XARK 3.0

  • Xark began as a group blog in June 2005 but continues today as founder Dan Conover's primary blog-home. Posts by longtime Xark authors Janet Edens and John Sloop may also appear alongside Dan's here from time to time, depending on whatever.

Xark media


  • ALIENS! SEX! MORE ALIENS! AND DUBYA, TOO! Handcrafted, xarky science fiction, lovingly typeset for your home printer!

  • XARK TV

  • XARKAGANDA

  • XARKTOONS
Blog powered by Typepad
Member since 06/2005

Statcounter has my back

« 'Free' wants to be big | Main | The Power of Pace »

Thursday, July 09, 2009

TrackBack

TrackBack URL for this entry:
http://www.typepad.com/services/trackback/6a00d8341c5d3453ef011570ec8c3f970c

Listed below are links to weblogs that reference Truth & the Confederate flag:

Comments

Feed You can follow this conversation by subscribing to the comment feed for this post.

Michael Rodgers

Dan,

Thanks for this post. I recommend to all who are interested in this issue a wonderful book about it, Rally 'Round the Flag, Boys by K. Michael Prince.

On pages 218-219, here's part of the story you're talking about in your post.
http://tinyurl.com/rallyroundwadehampton

  • "The governor's [Hodges'] plan would have removed the flag from the dome and replaced it with a square ANV [(Confederate) Army of Northern Virginia -- Gen. Robert E. Lee's army] flag at the Wade Hampton Monument (erected in 1906). His proposal also incorporated those parts of the 1994 Heritage Act protecting Confederate monuments and street names around the state -- and made Confederate Memroial Day and Martin Luther King Jr.'s birthday state holidays."
  • "[Sen. Glenn F.] McConnell called the governor's proposed site 'down in the gully.'"
  • "'Dead on arrival,' Senator Jackson declared -- and the NAACP agreed."

For me, the solution is H-3588, a wonderful bill that should make everyone happy. It completes the compromise with clarity. How do we get it passed?
http://www.scstatehouse.gov/sess117_2007-2008/bills/3588.htm

Unfortunately, in 2000, the legislation had a 2/3 hurdle put on it -- The laws cannot be changed without a 2/3 vote. However, this is merely procedural -- a normal 1/2 vote can remove the 2/3 hurdle, and then a normal 1/2 vote can change the law.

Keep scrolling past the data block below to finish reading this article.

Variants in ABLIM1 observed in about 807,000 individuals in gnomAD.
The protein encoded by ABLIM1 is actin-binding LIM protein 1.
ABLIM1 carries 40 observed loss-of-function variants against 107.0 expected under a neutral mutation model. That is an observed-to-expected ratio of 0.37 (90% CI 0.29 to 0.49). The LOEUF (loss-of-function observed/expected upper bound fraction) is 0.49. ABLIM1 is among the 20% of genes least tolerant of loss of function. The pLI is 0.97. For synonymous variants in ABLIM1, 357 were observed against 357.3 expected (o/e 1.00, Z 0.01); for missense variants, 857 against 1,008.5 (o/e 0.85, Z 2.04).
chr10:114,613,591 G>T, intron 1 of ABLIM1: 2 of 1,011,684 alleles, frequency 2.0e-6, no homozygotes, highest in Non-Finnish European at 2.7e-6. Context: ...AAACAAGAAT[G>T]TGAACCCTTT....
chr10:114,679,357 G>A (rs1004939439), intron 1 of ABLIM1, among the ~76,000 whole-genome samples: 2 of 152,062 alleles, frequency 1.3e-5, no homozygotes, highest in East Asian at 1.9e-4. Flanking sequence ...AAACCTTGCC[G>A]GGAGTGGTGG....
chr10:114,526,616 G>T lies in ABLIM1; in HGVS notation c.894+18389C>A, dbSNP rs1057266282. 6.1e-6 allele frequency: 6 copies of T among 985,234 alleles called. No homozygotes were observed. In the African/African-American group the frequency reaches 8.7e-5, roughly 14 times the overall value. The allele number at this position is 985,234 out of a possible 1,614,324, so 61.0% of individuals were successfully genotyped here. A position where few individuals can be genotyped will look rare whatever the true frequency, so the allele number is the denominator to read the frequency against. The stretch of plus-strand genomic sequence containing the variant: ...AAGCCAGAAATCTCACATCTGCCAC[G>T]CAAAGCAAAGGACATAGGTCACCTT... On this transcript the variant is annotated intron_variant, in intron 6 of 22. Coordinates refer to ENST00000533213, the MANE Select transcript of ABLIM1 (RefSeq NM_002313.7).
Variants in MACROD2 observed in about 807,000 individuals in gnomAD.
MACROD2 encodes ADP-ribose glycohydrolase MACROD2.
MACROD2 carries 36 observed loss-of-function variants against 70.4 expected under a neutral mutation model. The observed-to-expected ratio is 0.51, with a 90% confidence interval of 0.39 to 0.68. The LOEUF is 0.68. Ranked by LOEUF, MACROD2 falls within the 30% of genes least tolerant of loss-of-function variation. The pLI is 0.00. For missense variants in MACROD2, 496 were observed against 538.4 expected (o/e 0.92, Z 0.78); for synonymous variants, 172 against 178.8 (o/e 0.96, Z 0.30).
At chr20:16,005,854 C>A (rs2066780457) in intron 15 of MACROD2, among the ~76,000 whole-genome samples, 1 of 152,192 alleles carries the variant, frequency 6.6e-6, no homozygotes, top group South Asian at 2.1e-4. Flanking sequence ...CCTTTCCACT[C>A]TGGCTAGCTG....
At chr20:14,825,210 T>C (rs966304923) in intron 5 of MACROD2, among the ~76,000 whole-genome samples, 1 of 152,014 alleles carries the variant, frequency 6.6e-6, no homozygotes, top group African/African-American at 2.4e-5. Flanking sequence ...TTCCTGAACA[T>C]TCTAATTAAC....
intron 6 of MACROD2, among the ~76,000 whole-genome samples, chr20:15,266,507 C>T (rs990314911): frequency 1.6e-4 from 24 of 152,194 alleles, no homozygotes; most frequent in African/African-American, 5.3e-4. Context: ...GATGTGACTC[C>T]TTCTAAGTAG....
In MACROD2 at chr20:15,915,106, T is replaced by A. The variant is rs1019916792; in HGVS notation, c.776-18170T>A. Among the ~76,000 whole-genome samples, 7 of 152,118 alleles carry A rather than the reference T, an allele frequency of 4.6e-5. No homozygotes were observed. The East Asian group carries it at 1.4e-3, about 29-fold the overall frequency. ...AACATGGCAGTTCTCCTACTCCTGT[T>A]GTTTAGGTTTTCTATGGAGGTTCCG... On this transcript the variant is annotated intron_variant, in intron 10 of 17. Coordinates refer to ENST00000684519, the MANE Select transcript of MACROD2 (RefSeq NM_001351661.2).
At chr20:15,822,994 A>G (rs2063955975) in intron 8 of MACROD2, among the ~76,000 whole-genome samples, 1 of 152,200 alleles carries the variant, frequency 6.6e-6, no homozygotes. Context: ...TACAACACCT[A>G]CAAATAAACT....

Perhaps a statewide referendum would be good, but I don't know how to make it binding. I suggest the following:

Which flag would you rather fly out in front of the State House, from the flagpole in the area adjacent to the Confederate Soldier Monument?
(a) Our State Flag of South Carolina
(b) The Confederate Battle Flag of the Army of Northern Virginia

Perhaps we can get the Winthrop/ETV poll people to ask that question in their next poll. Then we can go from there.

It's certainly time for we the people of this state to solve this problem.

Regards,

Michael Rodgers

Andre Pope

I am aware that this is not what your post is about but your statement "Nobody cares about the ACC baseball tournament," is off base. The people in Myrtle Beach care(d) about the tournament. It was a way to help replace the dollars lost due to our great political leaders push out of bike week.

Dan

Andre, you're absolutely right. This is what comes of writing after a night at a bar. Of course many people care about the ACC baseball tournament. I wildly overstated that point.

Michael, I haven't kept up with the flag issue, because like so many of us I figured the best thing we could do after all that controversy would be to put it aside and get on to other things.

My disgust that we squandered the opportunity to put this behind us in 2000 is what animated this post. I guess I'm still angry about it.

But as a practical matter, I don't think there's going to be another opportunity to remove the flag for another generation. Republicans can't lead on it, and the knowledge of how the black leadership fumbled this in 1999-2000 makes it really difficult for anyone to build a case for revisiting it now.

The NAACP is a significant organization, but I don't think it has the clout to force this onto the agenda. It can punish the state in little ways, but that's all.

So 20 years from now, someone will say, "You know, we've got plenty of memorials here honoring the Confederacy and all those politicians from 30 years ago are gone. Let's just take that flag down already." And everyone will say "Sure." Because 20 years from now, that flag over Gervais Street is going to look pretty silly.

Paul

I have the Stars and Bars on my arm - so I never did need it flying above the state capital. My flag honors the memory of the mass of Southerners (anonymous in a lot of cases) who fought fot that "lost cause". I abhor slavery on moral grounds. That being said, I still have a genetic link to my Graet Great Grand Father who fought under that flag.

Dan

Yep. People should fly whatever flags they please on their own property and wear whatever tattoos have meaning to them. But putting it on the Statehouse to protest the Civil Rights movement was dumb (and mean), and making it a test case about "heritage" as if there was nothing else legitimately involved was dumb, and refusing to compromise and put it at Wade Hampton was dumb. Bi-partisan, multi-racial idiocy.

Dumb, dumb, dumb. You can be proud of the flag on your arm, but I'm not proud of the series of pigheaded flag follies that brought our state to this pointless point.

The comments to this entry are closed.